We tend to forget that in the twelfth and thirteenth century in Europe, we had our own band of seriously zealous extremists, the church inquisitors – the body of clerics, monks and secular priests charged with seeking out and punishing heretics throughout the medieval period and well into the Renaissance, when the machinery of persecution gradually ground to a halt. But by the twelfth century they were only just limbering up to the task that lay ahead of them, which (to use the words of the Bishop of Lincoln who spoke out against ecclesiastical abuse in the thirteenth century) meant the punishment of those who held “an opinion chosen by human perception, created by human reason, founded on the Scriptures, contrary to the teachings of the Church, publicly avowed, and obstinately defended”.
It seems astonishing to us now that reason and perception could be incriminating, but it was the act of upholding a position that undermined the church, which really fanned the flames. That said, the decision to pursue and punish these so-called heretics was not welcomed at first by every member of the clergy. It was only later, in the late thirteenth and fourteenth centuries that the Inquisition really got off the ground, and the procedures for seeking out heretics became more like a legal inquiry, with evidence being produced for and against. But whom were these inquisitors really pursuing, and what made them such a threat?
The main purpose of the Inquisition initially, was to eradicate the Cathars. The Cathars were crusaders, who, returning through Eastern Europe, had been converted by the Bogomils of Bulgaria and other Balkan countries. The Bogomils themselves were a predominantly Manichean sect, whose belief in the dual power of light and dark, good and evil, posed a threat to the doctrine of the Catholic Church for two principal reasons. The first is because the Bogomils and the Cathars they converted acknowledged the power of evil over good. This was already problematic. The God of the Catholics was all-powerful, and an all-powerful God does not share power. Then, besides claiming that Satan held equal sway to God, the Bogomils refused to take of any form of religious oath. This effectively meant that they rejected the role of the clergy as the representatives of God on earth. The Cathars bought into these ideas, and took them north to Italy and France, where they spread with a ferocity that surprised even the bishops, who claimed that the Cathars of Europe were worse even than the Saracen armies they had first been sent to combat.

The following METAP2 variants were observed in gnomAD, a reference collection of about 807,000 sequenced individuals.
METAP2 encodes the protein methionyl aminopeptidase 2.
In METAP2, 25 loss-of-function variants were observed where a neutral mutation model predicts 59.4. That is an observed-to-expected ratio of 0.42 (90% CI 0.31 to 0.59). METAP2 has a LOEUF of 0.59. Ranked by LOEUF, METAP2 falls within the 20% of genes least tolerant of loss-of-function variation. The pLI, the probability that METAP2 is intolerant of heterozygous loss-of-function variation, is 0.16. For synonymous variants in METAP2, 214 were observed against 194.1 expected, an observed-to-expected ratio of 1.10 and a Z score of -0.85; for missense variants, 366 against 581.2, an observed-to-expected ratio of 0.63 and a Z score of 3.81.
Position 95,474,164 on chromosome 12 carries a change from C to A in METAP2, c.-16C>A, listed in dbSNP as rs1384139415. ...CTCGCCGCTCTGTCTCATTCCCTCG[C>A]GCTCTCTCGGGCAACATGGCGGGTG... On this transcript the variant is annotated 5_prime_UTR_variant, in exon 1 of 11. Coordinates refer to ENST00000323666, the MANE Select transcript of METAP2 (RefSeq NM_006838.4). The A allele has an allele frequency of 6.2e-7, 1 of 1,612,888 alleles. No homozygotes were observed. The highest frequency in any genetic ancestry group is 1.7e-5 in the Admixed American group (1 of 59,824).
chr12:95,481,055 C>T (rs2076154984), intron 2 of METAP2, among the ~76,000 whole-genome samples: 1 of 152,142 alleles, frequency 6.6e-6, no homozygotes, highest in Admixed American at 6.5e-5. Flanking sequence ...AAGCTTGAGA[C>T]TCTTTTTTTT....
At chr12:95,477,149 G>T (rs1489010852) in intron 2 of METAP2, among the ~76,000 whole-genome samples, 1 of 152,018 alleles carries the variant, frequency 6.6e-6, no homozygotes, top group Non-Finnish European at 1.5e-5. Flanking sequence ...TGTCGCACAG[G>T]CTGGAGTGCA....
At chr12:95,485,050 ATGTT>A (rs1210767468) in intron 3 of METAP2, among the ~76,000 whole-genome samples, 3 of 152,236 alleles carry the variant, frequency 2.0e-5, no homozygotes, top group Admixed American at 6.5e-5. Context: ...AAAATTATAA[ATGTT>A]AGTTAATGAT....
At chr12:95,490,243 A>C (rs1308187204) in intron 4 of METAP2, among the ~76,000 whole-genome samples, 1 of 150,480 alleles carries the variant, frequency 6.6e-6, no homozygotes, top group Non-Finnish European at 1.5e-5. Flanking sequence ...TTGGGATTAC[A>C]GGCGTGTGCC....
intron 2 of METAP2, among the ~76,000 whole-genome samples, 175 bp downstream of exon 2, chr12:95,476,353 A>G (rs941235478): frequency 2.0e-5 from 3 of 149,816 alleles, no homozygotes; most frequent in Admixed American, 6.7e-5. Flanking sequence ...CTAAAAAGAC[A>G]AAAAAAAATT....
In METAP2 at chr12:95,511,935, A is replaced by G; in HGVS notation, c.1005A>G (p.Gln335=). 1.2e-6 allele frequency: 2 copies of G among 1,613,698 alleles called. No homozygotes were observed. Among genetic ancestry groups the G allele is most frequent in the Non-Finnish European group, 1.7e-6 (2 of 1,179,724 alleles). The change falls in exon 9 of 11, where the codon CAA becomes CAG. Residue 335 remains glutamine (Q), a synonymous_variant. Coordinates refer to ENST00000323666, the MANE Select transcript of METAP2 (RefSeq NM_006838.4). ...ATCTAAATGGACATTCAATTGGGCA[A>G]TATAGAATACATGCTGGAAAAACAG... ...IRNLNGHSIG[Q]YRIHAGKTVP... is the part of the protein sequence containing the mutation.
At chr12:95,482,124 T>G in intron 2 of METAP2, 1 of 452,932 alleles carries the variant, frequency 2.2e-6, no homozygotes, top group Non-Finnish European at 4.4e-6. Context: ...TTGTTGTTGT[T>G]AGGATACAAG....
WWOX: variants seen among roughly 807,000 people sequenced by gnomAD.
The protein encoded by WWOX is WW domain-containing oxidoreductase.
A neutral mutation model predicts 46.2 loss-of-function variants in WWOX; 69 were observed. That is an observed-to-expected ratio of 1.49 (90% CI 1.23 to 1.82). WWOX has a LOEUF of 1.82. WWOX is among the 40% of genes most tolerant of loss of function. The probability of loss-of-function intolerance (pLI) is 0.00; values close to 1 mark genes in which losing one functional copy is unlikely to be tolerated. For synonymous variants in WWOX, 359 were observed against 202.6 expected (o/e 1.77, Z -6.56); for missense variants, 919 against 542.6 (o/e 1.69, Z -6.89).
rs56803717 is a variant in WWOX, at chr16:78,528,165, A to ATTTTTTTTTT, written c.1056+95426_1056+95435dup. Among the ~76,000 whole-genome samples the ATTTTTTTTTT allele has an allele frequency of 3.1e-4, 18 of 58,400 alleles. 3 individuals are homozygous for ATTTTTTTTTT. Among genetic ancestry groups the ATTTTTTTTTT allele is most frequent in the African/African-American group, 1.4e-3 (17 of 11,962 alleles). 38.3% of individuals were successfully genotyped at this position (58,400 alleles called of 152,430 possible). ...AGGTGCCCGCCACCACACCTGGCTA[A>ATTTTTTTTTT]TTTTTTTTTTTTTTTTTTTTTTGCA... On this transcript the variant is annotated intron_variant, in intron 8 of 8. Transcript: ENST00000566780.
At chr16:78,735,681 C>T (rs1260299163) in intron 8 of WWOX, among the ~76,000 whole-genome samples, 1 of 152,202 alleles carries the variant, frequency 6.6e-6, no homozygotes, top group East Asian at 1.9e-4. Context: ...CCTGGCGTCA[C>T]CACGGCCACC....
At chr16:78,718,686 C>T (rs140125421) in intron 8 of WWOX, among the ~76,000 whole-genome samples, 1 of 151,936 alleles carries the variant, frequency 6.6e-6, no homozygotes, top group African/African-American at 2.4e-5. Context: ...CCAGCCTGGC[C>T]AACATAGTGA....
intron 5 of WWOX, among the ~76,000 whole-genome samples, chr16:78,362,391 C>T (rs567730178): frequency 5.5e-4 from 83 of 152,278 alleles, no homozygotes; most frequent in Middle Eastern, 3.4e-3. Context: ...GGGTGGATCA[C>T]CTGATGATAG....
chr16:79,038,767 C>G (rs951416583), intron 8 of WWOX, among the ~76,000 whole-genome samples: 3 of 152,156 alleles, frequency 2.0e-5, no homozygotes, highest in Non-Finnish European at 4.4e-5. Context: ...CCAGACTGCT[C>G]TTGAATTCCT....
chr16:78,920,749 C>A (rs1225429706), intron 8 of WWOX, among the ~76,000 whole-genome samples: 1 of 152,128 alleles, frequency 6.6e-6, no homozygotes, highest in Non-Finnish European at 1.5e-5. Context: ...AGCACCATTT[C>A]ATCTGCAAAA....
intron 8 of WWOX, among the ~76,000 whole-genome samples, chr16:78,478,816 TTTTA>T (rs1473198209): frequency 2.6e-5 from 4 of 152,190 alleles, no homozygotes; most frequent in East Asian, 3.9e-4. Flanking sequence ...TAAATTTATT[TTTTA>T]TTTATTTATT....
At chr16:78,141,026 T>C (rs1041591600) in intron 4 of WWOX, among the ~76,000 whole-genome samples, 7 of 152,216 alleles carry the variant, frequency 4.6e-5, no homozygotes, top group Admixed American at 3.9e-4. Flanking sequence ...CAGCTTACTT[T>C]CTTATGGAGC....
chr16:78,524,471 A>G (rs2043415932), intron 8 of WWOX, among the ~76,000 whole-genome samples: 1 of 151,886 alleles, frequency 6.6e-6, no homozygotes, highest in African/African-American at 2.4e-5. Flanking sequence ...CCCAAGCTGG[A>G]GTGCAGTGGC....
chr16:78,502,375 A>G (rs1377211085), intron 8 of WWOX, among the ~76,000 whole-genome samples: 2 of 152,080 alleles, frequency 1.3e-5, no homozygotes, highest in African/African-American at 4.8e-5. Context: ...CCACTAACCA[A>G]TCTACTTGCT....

So bloody were the punishments meted out to the Cathars, that ordinary people at last began to realise that something was rotten in the couloirs of church power. Hundreds of thousands of suspected Cathars were killed in France alone. We still bear the memory of this inquisitional ‘field day’ of violence in popular culture. If Friday the 13th is ‘unlucky for some’ it is because it was on that day in 1307 that dawn raids were conducted throughout France against not only the Cathars but the Templar order too, which like the Cathars had been forced underground. The men and women who were rounded up were burned at the stake, on a day that turned the sky red. In such an atmosphere of fear, it would only be a matter of time until Protestantism gained the ground it needed to challenge the Catholic Church. And yet, interestingly, France, the country that suffered the most in the thirteenth century remained nevertheless staunchly Catholic. Or did it?
Like the Cathars, the Knights of the Templar had broken away from the church – or perhaps it might be safer to say that they had turned against it right from the early days, establishing themselves as a renegade band of pious men, whose first aim was to serve the people, not the institution that the church had gradually become. When the last remaining Knights Templar were rounded up and put to death in France, many escaped by boat to unknown destinations of safe harbour. From there, rumour has it that they orchestrated even the French Revolution, as a way of taking back the power and returning it to whom it rightfully belonged: the people. From that day on, France became a secular state, the Republique it is today, and which most French people who fight tooth and nail to uphold.
Many people believe that these underground Gnostic* groups, the Cathars and the Templars, went on to reform as freemasons, and that they continue to work for the good of common people, in much the same way that the ancient Templar order had taken a vow of piety and service in defence of ‘the Man in the Street’, or in the early days of the crusades, the pilgrim on his way to the Holy Land. It is almost ironic that one day the church itself would persecute these Defenders of the Faith to extinction.
– In 1738 the Catholic Church banned Catholics from Masonic orders and other secret societies. The French Revolutionaries had not yet stormed the Bastille, but the cauldron of discontent was already on the boil.
*Note: The word Gnostic is derived from the Greek gnosis, meaning knowledge.